Rating: 3 out of 5 stars


Popular posts from this blog

The Magnificent Lives of Marjorie Post by Allison Pataki: A Book Review

The Magnificent Lives of Marjorie Post Author: Allison Pataki Genre: Historical Fiction Publisher: Ballantine Release Date: February 15, 2022 Pages: 381 Source: Netgalley/Publisher in exchange for an honest review. Synopsis: Mrs. Post, the President and First Lady are here to see you. . . . So begins another average evening for Marjorie Merriweather Post. Presidents have come and gone, but she has hosted them all. Growing up in the modest farmlands of Battle Creek, Michigan, Marjorie was inspired by a few simple rules: always think for yourself, never take success for granted, and work hard—even when deemed American royalty, even while covered in imperial diamonds. Marjorie had an insatiable drive to live and love and to give more than she got. From crawling through Moscow warehouses to rescue the Tsar’s treasures to outrunning the Nazis in London, from serving the homeless of the Great Depression to entertaining Roosevelts, Kennedys, and Hollywood’s biggest stars, Marjorie Merriweath

The Seven Sisters (The Seven Sisters #1) by Lucinda Riley: A Book Review

The Seven Sisters (The Seven Sisters #1) Author: Lucinda Riley Genre: Historical Fiction, Romance Publisher: Atria Release Date: 2015 Pages: 463 Source: My State Public Library Synopsis: Maia D’Apliese and her five sisters gather together at their childhood home, “Atlantis”—a fabulous, secluded castle situated on the shores of Lake Geneva—having been told that their beloved father, who adopted them all as babies, has died. Each of them is handed a tantalizing clue to her true heritage—a clue which takes Maia across the world to a crumbling mansion in Rio de Janeiro, Brazil. Once there, she begins to put together the pieces of her story and its beginnings. Eighty years earlier in Rio’s Belle Epoque of the 1920s, Izabela Bonifacio’s father has aspirations for his daughter to marry into the aristocracy. Meanwhile, architect Heitor da Silva Costa is devising plans for an enormous statue, to be called Christ the Redeemer, and will soon travel to Paris to find the right sculptor to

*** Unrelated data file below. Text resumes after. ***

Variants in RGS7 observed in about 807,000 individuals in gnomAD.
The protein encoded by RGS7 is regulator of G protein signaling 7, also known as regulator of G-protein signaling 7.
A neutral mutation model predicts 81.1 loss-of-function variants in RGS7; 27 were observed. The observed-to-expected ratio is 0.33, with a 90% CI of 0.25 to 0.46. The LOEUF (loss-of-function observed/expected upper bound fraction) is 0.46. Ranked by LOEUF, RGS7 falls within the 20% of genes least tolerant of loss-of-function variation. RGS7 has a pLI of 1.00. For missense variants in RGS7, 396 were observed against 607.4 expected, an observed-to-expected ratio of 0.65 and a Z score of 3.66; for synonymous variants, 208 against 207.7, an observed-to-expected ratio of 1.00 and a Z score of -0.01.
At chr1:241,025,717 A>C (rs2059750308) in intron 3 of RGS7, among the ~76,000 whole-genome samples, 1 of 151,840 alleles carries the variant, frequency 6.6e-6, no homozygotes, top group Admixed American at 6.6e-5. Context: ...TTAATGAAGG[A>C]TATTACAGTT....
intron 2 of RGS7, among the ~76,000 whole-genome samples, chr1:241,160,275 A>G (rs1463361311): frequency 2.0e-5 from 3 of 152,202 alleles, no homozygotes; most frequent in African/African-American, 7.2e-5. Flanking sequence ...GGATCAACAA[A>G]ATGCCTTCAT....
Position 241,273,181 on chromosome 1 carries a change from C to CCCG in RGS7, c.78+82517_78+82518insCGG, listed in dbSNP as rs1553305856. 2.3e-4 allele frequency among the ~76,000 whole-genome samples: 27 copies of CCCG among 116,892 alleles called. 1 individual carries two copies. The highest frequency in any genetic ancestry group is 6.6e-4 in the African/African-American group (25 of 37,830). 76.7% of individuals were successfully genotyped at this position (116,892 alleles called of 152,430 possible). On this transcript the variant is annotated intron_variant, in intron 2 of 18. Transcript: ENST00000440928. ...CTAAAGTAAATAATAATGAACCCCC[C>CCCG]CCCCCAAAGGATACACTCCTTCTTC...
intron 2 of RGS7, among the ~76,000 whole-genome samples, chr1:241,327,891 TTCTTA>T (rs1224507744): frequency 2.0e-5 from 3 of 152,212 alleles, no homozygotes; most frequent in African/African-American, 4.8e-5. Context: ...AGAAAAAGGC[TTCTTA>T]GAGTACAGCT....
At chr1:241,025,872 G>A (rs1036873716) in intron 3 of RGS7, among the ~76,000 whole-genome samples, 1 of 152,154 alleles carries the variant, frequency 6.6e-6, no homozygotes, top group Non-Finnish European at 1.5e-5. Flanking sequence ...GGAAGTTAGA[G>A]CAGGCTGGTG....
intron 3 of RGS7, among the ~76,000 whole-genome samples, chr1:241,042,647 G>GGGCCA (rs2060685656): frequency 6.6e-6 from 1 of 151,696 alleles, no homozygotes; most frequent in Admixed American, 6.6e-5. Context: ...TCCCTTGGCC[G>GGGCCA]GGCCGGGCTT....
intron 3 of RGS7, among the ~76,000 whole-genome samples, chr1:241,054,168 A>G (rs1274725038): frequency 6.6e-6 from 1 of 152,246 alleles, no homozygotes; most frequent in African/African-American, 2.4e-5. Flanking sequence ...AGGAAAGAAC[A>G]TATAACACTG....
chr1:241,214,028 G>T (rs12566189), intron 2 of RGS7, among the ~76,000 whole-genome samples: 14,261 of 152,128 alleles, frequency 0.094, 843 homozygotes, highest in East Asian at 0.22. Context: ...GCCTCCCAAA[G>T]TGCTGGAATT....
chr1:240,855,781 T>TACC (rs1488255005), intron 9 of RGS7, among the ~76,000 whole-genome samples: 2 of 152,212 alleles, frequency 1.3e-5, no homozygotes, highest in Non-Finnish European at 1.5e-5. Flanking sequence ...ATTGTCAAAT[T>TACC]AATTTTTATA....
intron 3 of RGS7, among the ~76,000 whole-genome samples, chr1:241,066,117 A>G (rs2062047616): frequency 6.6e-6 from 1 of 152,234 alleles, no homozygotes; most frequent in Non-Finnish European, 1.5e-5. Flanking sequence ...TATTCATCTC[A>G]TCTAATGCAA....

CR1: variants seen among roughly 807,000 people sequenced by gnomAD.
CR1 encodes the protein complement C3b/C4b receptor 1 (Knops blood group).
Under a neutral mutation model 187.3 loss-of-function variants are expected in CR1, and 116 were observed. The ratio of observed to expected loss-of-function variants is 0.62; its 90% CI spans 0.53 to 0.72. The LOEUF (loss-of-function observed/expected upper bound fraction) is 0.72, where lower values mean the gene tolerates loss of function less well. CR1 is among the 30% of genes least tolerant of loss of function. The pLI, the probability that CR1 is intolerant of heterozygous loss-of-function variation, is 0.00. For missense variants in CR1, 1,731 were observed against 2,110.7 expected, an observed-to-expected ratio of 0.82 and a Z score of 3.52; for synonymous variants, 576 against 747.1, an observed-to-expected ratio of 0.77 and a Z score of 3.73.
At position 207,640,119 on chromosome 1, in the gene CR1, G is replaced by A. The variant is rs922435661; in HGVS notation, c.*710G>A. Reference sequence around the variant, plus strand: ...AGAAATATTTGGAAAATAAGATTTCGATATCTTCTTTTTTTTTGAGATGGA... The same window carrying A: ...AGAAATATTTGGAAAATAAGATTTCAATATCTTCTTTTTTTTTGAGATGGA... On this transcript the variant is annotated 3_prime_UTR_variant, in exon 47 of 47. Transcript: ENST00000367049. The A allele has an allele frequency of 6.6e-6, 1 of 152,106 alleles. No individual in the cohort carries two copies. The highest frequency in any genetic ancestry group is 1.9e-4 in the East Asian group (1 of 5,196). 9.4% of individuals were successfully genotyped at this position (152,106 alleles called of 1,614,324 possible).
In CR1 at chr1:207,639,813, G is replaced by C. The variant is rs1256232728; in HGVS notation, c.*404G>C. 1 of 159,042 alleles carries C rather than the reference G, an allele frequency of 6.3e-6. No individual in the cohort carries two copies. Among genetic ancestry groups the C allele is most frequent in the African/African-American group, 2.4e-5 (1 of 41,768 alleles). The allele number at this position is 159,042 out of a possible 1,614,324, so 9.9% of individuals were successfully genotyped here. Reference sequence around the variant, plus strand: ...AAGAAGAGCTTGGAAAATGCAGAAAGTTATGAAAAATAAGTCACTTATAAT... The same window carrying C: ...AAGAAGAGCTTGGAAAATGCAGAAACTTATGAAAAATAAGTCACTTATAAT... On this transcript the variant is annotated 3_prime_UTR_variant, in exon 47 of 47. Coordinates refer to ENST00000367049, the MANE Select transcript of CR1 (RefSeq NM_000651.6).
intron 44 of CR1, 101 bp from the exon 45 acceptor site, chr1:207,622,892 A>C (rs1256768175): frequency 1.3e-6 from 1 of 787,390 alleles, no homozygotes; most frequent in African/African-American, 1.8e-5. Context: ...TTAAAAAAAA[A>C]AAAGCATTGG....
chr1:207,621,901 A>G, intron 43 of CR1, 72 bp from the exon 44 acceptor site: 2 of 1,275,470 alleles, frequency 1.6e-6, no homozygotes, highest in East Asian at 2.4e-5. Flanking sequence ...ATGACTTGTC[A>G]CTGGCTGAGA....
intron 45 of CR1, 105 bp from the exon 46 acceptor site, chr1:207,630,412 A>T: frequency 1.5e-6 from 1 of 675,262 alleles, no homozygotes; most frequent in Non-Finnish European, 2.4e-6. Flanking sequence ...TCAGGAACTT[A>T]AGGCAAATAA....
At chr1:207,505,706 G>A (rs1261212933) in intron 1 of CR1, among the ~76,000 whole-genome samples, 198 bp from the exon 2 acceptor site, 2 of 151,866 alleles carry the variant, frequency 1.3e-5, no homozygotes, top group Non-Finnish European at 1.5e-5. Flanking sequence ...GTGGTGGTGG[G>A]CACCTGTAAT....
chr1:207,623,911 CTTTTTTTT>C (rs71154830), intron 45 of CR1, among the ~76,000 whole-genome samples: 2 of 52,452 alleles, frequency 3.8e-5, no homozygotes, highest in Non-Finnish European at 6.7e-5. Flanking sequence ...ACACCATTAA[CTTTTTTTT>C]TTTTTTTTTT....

The Rose Code by Kate Quinn: A Book Review

The Rose Code Author: Kate Quinn Genre: Historical Fiction Publisher: Harper Collins Release Date: 2021 Pages: 635 Source: Netgalley/Publisher in exchange for an honest review. Synopsis: 1940, Bletchley Park, Buckinghamshire.        Three very different women are recruited to the mysterious Bletchley Park, where the best minds in Britain train to break German military codes.       Vivacious debutante Osla has the dashing Prince Philip of Greece sending her roses – but she burns to prove herself as more than a society girl, working to translate decoded enemy secrets. Self-made Mab masters the legendary codebreaking machines as she conceals old wounds and the poverty of her East-End London upbringing. And shy local girl Beth is the outsider who trains as one of the Park’s few female cryptanalysts.       1947, London.        Seven years after they first meet, on the eve of the royal wedding between Princess Elizabeth and Prince Philip, disaster threatens. Osla, Mab and Beth are estranged,